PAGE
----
Hangeul as one of the most perfect phonetic system devised [9] is the native alphabet of the Korean language, which consists of 24 consonant and vowel letters. Unlike the letters of the Latin alphabet, Hangeul letters which are grouped into blocks are shaped similar to the features of the sounds they represent. We have collected over 287 million Korean tweet messages for a 51 week period from October 2011 to September 2012. In this study, we have examined the use of information embedded in the Hangeul Twitter stream to detect rapidly-evolving public awareness or concern with respect to influenza transmission, and developed regression models that tracked levels of actual disease activity and can predict the ILI activity level in a population using a delay mode.


Twitter Stream Data Collection

In order to analyse public concerns regarding influenza activity, Hangeul tweets containing influenza-related words were collected from Twitter GardenPipe stream [10] beginning April 2011 via Query class in twitter4j that was an unofficial Java library for the Twitter application programmers interface (API) from [11]. Collection of tweets were expanded via FilterQuery beginning October 2011. We developed JAVA-based Twitter timeline collector and the filtered Twitter stream constituted a subset of the entire stream [3]. To preserve the integrity of the collected tweets, we included tweets containing Hangeul characters only. Due to the limit of word counts in FilterQuery, data collection process was mainly based on a set of 190 frequently used and pre-filtered single characters and 10 infectious disease names in Hangeul.

We excluded tweets of less than five characters and re-tweets which contained less than two characters before first “RT @” or those starting with “RT @”. Advertisement sentences that contained “[“and”]” marks, hyper-linked sentences that contained “http://” string, sentences from robotic Twitter users, blank-ignored tweets, and spam tweets that cause too much messaging from one source were removed. Valuable re-tweets and tweets, if they were considered to be redundant of Tweet ID, were also removed. Tweets were then stored in Oracle 10g database, after removing approximately 20% of the collected tweets. Since the search on the Oracle database became significantly slow as the amount of data increased, the texts with search strings were stored in the Oracle database.

Generation of Marker Frequency Matrix

Influenza is still often confused with the common cold but influenza symptoms usually are more severe than the typical sneezing and stuffiness by a cold. For this reason, keywords which have obvious connection to influenza or common cold were used to extract all the tweet messages containing them. The extracted messages were segmented into individual words divided by blanks, which were ranked as the most frequently used words: e.g. a total of 500 words were considered as initial marker corpus (Table S1). As the words were analysed for selecting markers, they were found to contain phonological and morphological features including homonyms to the term of influenza, honorifics that could be confused with influenza, and words with the same stem. As an example of phonological and honorific features in 500 most common words, [], [chu.un], [chu.w], [chu.wi], [chup.go], [], [chup.da], [], [chup. jo], and [chup. i] came from [chup.da] or [chu.wi] which means the word “COLD”. The words including these phonological features and misspells were eliminated and those with the same stem were assigned to the same word. From this set of influenza related markers, we generated a daily marker frequency matrix from the Twitter corpus of a day.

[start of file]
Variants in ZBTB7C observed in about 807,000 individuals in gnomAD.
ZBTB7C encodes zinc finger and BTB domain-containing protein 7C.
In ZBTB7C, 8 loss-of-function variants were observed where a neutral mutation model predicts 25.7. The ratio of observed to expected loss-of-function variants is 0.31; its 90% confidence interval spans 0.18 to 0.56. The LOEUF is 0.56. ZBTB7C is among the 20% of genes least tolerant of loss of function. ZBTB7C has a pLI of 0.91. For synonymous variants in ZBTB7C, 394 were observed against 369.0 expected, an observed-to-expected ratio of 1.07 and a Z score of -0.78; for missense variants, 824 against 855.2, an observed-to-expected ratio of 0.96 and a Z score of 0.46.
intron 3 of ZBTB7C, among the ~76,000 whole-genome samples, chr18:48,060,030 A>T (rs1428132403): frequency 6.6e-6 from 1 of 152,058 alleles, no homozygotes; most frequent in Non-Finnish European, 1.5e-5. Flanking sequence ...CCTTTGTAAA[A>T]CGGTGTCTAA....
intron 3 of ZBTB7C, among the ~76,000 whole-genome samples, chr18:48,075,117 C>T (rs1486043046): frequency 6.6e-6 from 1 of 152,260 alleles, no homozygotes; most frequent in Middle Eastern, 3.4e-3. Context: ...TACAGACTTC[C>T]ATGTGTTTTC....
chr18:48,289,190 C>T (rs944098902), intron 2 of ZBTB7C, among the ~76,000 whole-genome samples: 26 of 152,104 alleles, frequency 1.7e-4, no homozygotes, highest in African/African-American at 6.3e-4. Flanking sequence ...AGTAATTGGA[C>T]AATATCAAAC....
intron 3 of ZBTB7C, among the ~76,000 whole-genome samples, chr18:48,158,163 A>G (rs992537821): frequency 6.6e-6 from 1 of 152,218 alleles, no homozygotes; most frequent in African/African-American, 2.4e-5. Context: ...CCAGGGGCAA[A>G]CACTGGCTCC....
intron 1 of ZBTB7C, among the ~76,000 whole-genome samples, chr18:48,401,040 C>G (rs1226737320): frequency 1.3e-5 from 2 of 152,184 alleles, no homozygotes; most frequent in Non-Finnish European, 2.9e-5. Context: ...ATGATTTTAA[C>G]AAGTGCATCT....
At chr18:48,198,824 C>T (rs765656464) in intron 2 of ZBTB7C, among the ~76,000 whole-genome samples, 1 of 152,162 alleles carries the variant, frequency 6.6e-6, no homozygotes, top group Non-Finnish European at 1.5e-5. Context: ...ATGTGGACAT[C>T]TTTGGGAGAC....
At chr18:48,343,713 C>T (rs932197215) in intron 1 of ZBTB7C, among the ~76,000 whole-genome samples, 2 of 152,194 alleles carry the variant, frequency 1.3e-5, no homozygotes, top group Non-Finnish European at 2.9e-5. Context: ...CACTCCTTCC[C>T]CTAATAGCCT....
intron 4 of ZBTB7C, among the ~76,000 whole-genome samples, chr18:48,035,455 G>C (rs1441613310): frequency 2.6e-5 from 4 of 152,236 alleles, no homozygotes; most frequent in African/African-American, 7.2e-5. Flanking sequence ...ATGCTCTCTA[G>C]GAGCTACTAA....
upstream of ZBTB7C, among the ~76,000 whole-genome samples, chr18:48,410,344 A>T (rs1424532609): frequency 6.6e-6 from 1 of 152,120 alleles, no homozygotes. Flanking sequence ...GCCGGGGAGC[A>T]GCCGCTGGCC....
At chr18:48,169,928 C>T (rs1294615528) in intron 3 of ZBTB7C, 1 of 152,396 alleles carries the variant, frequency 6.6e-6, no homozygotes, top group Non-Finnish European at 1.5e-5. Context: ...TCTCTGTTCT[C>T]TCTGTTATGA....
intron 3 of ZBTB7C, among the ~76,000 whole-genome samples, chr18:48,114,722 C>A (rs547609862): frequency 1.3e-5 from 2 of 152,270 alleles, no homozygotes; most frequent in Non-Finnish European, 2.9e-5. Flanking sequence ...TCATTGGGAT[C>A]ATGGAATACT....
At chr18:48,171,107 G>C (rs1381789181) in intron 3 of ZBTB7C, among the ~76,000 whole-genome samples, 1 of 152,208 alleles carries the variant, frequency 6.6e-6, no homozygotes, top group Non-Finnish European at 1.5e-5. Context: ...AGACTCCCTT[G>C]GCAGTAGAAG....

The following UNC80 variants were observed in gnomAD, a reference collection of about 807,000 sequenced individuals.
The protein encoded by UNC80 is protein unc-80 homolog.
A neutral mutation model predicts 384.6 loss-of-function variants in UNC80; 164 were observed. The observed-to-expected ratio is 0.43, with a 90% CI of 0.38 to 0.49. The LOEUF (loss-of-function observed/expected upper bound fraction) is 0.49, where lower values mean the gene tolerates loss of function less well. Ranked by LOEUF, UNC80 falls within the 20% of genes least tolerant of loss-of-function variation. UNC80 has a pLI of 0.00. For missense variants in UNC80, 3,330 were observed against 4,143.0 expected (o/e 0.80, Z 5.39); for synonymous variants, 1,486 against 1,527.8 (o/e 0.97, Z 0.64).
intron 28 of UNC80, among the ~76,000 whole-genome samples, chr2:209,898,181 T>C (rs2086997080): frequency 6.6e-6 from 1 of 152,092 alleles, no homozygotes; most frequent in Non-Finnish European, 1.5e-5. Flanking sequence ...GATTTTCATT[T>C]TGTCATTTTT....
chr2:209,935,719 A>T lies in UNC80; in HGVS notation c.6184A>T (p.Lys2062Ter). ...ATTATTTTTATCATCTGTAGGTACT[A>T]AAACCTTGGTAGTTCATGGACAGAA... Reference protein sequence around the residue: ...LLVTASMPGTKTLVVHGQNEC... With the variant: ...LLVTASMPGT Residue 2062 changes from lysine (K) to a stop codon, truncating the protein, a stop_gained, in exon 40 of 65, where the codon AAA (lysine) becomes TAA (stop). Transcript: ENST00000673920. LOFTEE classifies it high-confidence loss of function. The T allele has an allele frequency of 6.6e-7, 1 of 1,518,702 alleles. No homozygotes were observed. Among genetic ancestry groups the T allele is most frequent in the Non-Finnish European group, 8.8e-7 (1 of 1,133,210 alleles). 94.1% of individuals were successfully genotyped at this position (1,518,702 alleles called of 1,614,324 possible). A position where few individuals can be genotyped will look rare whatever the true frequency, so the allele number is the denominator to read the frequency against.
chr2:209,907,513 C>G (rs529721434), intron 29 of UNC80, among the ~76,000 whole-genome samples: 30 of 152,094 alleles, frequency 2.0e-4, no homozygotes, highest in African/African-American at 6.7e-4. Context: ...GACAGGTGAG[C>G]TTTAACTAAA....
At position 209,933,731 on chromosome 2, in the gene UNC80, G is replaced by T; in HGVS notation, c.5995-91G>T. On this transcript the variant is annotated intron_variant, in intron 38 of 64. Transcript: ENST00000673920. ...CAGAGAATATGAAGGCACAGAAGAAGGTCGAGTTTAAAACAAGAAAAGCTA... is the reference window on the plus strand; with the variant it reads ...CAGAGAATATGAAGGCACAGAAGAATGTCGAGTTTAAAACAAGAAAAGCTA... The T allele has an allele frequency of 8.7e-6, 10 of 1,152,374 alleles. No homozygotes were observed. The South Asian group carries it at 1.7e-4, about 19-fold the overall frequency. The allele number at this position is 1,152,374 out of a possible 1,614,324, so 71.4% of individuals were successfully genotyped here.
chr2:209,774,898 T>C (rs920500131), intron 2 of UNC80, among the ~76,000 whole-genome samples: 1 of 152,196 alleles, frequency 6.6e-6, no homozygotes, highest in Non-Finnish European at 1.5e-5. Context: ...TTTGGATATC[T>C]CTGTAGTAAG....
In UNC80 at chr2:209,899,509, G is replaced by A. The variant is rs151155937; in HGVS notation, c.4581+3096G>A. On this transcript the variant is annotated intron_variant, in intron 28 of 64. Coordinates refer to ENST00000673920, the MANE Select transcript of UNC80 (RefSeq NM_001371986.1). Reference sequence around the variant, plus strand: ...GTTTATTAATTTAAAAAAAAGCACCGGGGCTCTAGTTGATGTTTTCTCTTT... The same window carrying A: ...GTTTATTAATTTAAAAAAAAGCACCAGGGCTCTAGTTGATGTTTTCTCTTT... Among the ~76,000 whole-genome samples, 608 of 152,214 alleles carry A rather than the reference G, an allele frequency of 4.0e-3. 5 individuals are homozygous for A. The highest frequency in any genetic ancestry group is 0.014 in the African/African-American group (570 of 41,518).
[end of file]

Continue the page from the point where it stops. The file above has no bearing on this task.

Let the set of tweets on the day be where is the total number of tweets collected on the day. The frequency of the marker on the day, , is defined as(1)where is the number of markers and is an indicator function

Processing of ILI Data and Marker Selection by LASSO

We used ILI daily reports from Korea Centers for Disease Control and Prevention (KCDC) as a disease spreading reference. KCDC also provided regional statistics for influenza, which included the number of ILI patients among 1,000 visits reported by the Korea Influenza Surveillance Scheme [12]. The ILI activity was calculated by the number of ILI over the total number of inpatients (per thousand). For use of stationary estimation, the unreported ILI activities were filled by linear interpolation of the previous and next ILI activities to better express a weekly tendency in the ILI data, since KCDC’s daily ILI report is not available on Sundays or holidays. Baseline level of ILI activities in daily surveillance influenza outbreak was found to exhibit a threshold of 0.5 persons out of 100. In addition, the missing data in marker frequency matrix were also estimated by the same procedure, in order to remove the effect of spurious noise and periodic components, probably introduced by the weekly work pattern. The resulting marker frequency is further processed by applying a 7-point moving average on each column of the frequency matrix . For the remainder of the paper, whenever we refer to ILI data and marker frequency they are interpolated and smoothed data.